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I am trying to define a Vector3 data type in haskell and allow the (+) operator to be used on it. I tried the following:

data Vector3 = Vector3 Double Double Double    
Vector3 x y z + Vector3 x' y' z' = Vector3 (x+x') (y+y') (z+z')

But ghci complains about ambiguous occurrence of (+). I do not understand why the occurrence is ambiguous; surely the type checker can infer that x, x', y etc have type Double and hence the correct operator to use for them is Prelude.+ ?

I know that I could make Vector3 an instance of the Num typeclass, but that is too restrictive for me; I do not want to define multiplication of a vector by another vector.

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The only way to overload a name in Haskell is to use type classes, so you have three choices:

  • Make Vector an instance of Num and just have multiplication return an error.
  • Use something like the numeric prelude, which defines more fine-grained numeric classes.
  • Pick some other name like .+. or something similar for vector addition.
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    thanks for pointing to numeric prelude; do you know any place it is documented? – xuanji Oct 4 '11 at 12:33
  • @zodiac: Reference documentation is available on the link I posted, just scroll to the bottom and click on a module name. Algebra.Additive looks like a good place to start for this example of adding vectors. – hammar Oct 4 '11 at 12:44
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    Conal Elliott's vector-space package is much more lightweight than numeric-prelude. For adding vectors define an instance of AdditiveGroup. – stephen tetley Oct 4 '11 at 16:52
  • thank you all for your helpful answers; but does anyone know why the occurrence of (+) is ambiguous (ie my code actually works if I use "Prelude.+" and "Main.+" – xuanji Oct 5 '11 at 14:45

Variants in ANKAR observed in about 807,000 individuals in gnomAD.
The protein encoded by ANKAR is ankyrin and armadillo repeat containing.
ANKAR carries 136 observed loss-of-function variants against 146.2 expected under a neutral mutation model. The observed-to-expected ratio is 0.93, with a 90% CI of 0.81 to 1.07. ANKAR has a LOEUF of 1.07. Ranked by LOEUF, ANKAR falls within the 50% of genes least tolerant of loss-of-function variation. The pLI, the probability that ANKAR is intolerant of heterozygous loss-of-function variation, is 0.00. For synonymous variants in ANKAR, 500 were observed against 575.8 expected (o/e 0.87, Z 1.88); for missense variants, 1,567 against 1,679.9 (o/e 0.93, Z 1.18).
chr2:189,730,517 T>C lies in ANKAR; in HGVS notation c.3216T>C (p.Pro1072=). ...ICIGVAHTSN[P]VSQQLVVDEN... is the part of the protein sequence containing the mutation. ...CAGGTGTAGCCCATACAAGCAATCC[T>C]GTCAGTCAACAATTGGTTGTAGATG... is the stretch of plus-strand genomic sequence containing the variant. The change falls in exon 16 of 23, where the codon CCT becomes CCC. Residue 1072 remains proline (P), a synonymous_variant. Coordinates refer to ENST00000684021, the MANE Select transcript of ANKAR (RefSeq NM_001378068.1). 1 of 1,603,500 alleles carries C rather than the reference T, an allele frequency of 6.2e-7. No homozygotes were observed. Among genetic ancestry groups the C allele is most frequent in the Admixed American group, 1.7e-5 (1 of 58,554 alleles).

• @zodiac: It's ambiguous because you have two (+) in scope. One that you defined yourself, and the one from the Prelude. So without qualification, the compiler does not know which one you want to use. – hammar Oct 5 '11 at 14:48
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I know that I could make Vector3 an instance of the Num typeclass, but that is too restrictive for me; I do not want to define multiplication of a vector by another vector.

That would be the easiest solution, though. You can define multiplication as

(*)  =  error "vector multiplication not implemented"

Think of the vector operations that you would get for free!

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  • You actually don't need any parameters. error :: String -> a. – fuz Oct 4 '11 at 10:48
  • Sorry, what vector operations do I get for free? – xuanji Oct 4 '11 at 10:50
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    You get - if you define negate. You get sum. Okay, maybe not that great, but typeclasses are the "proper" way of overloading in Haskell. – Fred Foo Oct 4 '11 at 10:52
  • The main problem with making vectors a Num instance is that you would like to define a multiplication, but not as Vector->Vector->Vector but as Field->Vector->Vector or Num a => a->Vector->Vector. – leftaroundabout Oct 4 '11 at 11:10
  • There is nothing wrong with defining multiplication as scalar product, and to use another operator for multiplication with a scalar. – Landei Oct 4 '11 at 11:33

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